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Fast-Casual Slider Restaurant Taking Up Residence on The Avenue of Fashion

Slyde is aiming for an early fall opening

Brenna Houck/Facebook
Brenna Houck is a Cities Manager for the Eater network. She previously edited Eater Detroit and reported for Eater. You can follow her on the internet at @brennahouck.

Continuing its development momentum, The Avenue of Fashion is welcoming yet another new dining concept this year. Slyde, a fast-casual slider restaurant will take up residence in a portion of the old Hunter's Supper Club building this year. Co-founder LJ Nelson tells Eater the new concept is designed to provide healthier, quick options for Detroiters.

As working professional, Nelson says he often finds it difficult to find fast options that suit his diet and satisfy his kids tastes. This got him interested in the idea of developing his own fast-casual option. "I started thinking 'How do I like to eat?'" Nelson began researching not just the restaurant industry but also urban farming and the sustainable food movement to investigate what was available in terms of sourcing. "We realized that the urban farming —€” even though it's understood that we have them in the city — it's very underutilized."

"We felt very boxed out of downtown and Midtown."

Serving sliders, he explains, allows diners to choose from a wider variety of options depending on their mood while allowing Slyde to tap into the local food movement. The restaurant will serve around 15 different mini burgers ranging from $2 to $3.50. Additionally, the menu will feature seasonal salads, organic soups, desserts, and side dishes like air-baked fries. "Everything is going to be locally sourced and we're trying to get as close to farm-to-table as we can," he says. "We don't want a lot of stuff sitting around in freezers."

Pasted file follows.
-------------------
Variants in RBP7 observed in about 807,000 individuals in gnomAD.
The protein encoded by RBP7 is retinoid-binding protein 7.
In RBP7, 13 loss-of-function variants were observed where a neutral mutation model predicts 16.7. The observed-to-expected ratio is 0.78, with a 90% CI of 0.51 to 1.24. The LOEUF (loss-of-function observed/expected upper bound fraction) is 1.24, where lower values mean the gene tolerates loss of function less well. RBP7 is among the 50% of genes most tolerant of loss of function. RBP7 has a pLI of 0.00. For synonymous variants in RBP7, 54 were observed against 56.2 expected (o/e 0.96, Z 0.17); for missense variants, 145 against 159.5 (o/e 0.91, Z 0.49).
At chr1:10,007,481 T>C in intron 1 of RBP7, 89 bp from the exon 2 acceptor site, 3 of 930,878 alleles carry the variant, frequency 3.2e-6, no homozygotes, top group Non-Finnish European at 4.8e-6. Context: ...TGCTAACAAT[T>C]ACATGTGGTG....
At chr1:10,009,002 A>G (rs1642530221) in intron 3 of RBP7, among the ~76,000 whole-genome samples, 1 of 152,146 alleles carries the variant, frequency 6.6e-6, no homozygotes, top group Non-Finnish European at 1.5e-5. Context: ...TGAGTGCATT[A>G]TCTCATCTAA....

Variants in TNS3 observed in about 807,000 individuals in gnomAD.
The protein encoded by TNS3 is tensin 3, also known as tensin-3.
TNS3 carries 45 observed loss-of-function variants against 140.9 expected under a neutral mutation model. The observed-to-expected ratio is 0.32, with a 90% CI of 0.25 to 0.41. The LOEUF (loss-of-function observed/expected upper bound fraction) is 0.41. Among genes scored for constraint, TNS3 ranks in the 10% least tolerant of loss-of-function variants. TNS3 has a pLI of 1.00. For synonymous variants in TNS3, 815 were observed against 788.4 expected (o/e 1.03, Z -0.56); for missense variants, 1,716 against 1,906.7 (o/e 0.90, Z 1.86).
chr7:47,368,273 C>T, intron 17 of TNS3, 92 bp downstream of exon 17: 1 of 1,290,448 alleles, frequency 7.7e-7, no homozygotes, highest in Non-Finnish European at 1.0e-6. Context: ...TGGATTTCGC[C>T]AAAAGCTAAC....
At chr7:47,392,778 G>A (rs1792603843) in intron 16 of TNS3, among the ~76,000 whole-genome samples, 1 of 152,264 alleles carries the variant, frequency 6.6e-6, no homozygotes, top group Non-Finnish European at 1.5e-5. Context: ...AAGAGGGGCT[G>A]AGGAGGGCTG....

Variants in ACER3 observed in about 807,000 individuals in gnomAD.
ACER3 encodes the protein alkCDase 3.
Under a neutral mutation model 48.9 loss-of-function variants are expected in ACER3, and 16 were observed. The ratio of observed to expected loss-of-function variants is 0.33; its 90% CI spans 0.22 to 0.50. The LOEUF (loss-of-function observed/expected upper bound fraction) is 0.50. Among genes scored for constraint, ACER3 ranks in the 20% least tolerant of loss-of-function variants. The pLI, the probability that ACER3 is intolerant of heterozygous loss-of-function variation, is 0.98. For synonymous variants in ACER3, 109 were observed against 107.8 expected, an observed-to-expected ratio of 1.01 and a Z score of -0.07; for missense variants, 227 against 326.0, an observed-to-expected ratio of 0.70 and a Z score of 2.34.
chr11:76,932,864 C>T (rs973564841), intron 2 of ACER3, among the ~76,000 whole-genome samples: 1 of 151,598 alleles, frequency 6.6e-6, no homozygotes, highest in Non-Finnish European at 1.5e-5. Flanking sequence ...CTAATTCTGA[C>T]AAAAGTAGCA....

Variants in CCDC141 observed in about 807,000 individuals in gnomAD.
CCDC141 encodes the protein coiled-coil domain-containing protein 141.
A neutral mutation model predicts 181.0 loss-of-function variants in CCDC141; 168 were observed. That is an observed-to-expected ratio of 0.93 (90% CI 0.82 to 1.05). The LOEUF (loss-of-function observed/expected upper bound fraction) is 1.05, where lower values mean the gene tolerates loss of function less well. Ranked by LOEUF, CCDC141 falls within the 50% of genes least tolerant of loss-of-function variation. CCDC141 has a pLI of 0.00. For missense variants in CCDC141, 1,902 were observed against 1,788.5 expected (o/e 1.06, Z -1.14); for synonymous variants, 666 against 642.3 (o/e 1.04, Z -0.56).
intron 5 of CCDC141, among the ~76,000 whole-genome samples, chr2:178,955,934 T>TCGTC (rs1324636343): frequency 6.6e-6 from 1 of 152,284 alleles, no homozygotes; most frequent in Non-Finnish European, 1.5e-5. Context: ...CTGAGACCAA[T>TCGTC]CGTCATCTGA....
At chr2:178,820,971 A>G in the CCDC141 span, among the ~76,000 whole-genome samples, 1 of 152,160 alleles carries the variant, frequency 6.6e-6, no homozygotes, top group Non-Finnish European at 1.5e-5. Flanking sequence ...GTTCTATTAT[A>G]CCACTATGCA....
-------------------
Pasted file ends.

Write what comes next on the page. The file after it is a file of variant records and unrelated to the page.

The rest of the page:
Slyde didn't initially consider Northwest Detroit for its location. The partners, including LJ's sister Anitrah Nelson, Bradford Frost, Jem Frick, and chef Rayna Cook, originally looked to downtown and Midtown, but working with a limited budget found it challenging working out deals with landlords in the area. "One landlord asked did we have a million dollars in cash on hand," LJ Nelson recalls. "We felt very boxed out of downtown and Midtown."

The Slyde team, which had already received special funding through Detroit Development Fund and Huntington Bank, decided to apply for Motor City Match. Through MCM (a program organized by the City of Detroit to help bolster small businesses and help them find appropriate storefronts in the city), Slyde was able to secure the coveted Hunter's Supper Club space that Chad Dickinson of I'm Here Detroit has been renovating for the past several years. "We felt like maybe there was a reason we were getting boxed out of downtown and Midtown, because that's not where we were supposed to be. We were supposed to be in the neighborhood with the people," Nelson says.

The 40-seat restaurant will occupy the center space of the large Hunter's Supper Club property, overlooking the courtyard. The restaurant will have a carryout door and one for dine-in service, with patio and terrace seating overlooking Livernois. Additionally, Nelson reveals that a bar may also be in the works in the building, meaning dine-in patrons could possibly grab a drink with their sliders. The startup is also developing an ordering app with optional delivery in the neighborhood. Slyde is aiming to open by late summer or early fall.


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